State v. Dyous, AC 42006

CourtAppellate Court of Connecticut
Writing for the CourtDiPENTIMA, C. J.
Decision Date23 June 2020
Parties STATE of Connecticut v. Anthony DYOUS
Docket NumberAC 42006

233 A.3d 1138

STATE of Connecticut
v.
Anthony DYOUS

AC 42006

Appellate Court of Connecticut.

Argued January 7, 2020
Officially released June 23, 2020


233 A.3d 1141

Richard E. Condon, for the appellant (defendant).

Michele C. Lukban, senior assistant state's attorney, with whom, on the brief, were Anne F. Mahoney, state's attorney, and Andrew J. Slitt, assistant state's attorney, for the appellee (state).

DiPentima, C. J., and Keller and Bear, Js.

DiPENTIMA, C. J.

233 A.3d 1142

The defendant, Anthony Dyous (acquittee),1 appeals from the judgment of the trial court granting the state's petition to extend his commitment to the jurisdiction of the Psychiatric Security Review Board (board) for a period of four years. On appeal, the acquittee claims that the court improperly found that, at the time of the state's petition, he was mentally ill and dangerous to himself or others. We disagree and, accordingly, affirm the judgment of the trial court.

The acquittee's psychiatric history and proceedings with the criminal court and the board have been detailed extensively in State v. Dyous , 307 Conn. 299, 53 A.3d 153 (2012) ( Dyous I ), and State v. Dyous , 153 Conn. App. 266, 100 A.3d 1004 (2014) ( Dyous II ), appeal dismissed, 320 Conn. 176, 128 A.3d 505 (2016) (certification improvidently granted). These opinions set forth the following relevant facts and procedural history. On March 22, 1985, the acquittee was found not guilty by reason of mental disease or defect of two counts of kidnapping in the first degree, two counts of threatening in the second degree, and one count of carrying a dangerous weapon.2 Dyous II , supra, at 268, 100 A.3d 1004. The trial court committed the acquittee to the custody of the Commissioner of Mental Health for a period not to exceed twenty-five years. Id. In March, 1985, the acquittee was transferred to the custody of the board pursuant to General Statutes § 17a-582. Id.3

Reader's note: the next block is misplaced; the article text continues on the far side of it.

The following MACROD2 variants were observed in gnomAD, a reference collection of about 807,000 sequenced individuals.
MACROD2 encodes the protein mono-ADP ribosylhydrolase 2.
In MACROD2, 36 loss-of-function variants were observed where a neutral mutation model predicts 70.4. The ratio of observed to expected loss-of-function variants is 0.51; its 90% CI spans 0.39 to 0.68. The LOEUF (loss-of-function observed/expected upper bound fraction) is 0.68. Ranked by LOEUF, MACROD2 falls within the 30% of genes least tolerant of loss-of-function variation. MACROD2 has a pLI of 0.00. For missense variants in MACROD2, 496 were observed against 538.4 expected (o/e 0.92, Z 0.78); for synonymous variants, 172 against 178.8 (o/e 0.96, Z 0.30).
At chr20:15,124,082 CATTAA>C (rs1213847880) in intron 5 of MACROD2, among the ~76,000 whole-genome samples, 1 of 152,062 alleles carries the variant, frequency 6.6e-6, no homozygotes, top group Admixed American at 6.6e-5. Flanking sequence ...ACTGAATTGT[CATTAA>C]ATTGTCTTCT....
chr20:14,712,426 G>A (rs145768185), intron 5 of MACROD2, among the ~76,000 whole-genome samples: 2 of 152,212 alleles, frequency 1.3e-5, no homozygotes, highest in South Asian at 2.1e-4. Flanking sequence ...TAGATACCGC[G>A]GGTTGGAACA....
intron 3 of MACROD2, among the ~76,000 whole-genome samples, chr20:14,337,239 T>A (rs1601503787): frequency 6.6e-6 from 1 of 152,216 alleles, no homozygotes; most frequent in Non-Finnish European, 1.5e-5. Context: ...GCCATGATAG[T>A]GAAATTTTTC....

Our Supreme Court set forth the details of the events that led to the acquittee's initial commitment to the custody of the board and subsequent events up to this third petition by the state for his continued commitment. "Between 1977 and the time of the incident [that] resulted in his criminal commitment, the [acquittee] was hospitalized three times in psychiatric facilities. Thereafter, in December, 1983, the [acquittee] hijacked a bus carrying forty-seven people, including a child. He threatened the driver with a bomb and nerve gas, and stated he had been asked by God to deliver a message. During and after this incident, the [acquittee] exhibited signs of delusional thinking and symptoms of psychosis. The [acquittee] was arrested, found not guilty by reason of [insanity] and committed ... for a period of twenty-five years. The [acquittee] was confined to the Whiting Forensic Institute [ (Whiting), a maximum security psychiatric facility] for a period of time and then transferred to ... Norwich State Hospital.

"On January 17, 1986, the [acquittee] escaped from Norwich [State Hospital] with a female peer, and they traveled to South Carolina, to Texas and, finally, to

233 A.3d 1143

Mexico. When [the acquittee was] located in Mexico in September, 1986, [he] exhibited symptoms of psychosis. He was returned to Connecticut and, upon admission to Whiting, was found to be grossly psychotic and experiencing auditory and visual hallucinations as well as grandiose and persecutory delusions. While at Whiting, he was thereafter involved in a violent incident [that resulted in his own injuries, as well as injuries to staff members] and other patients.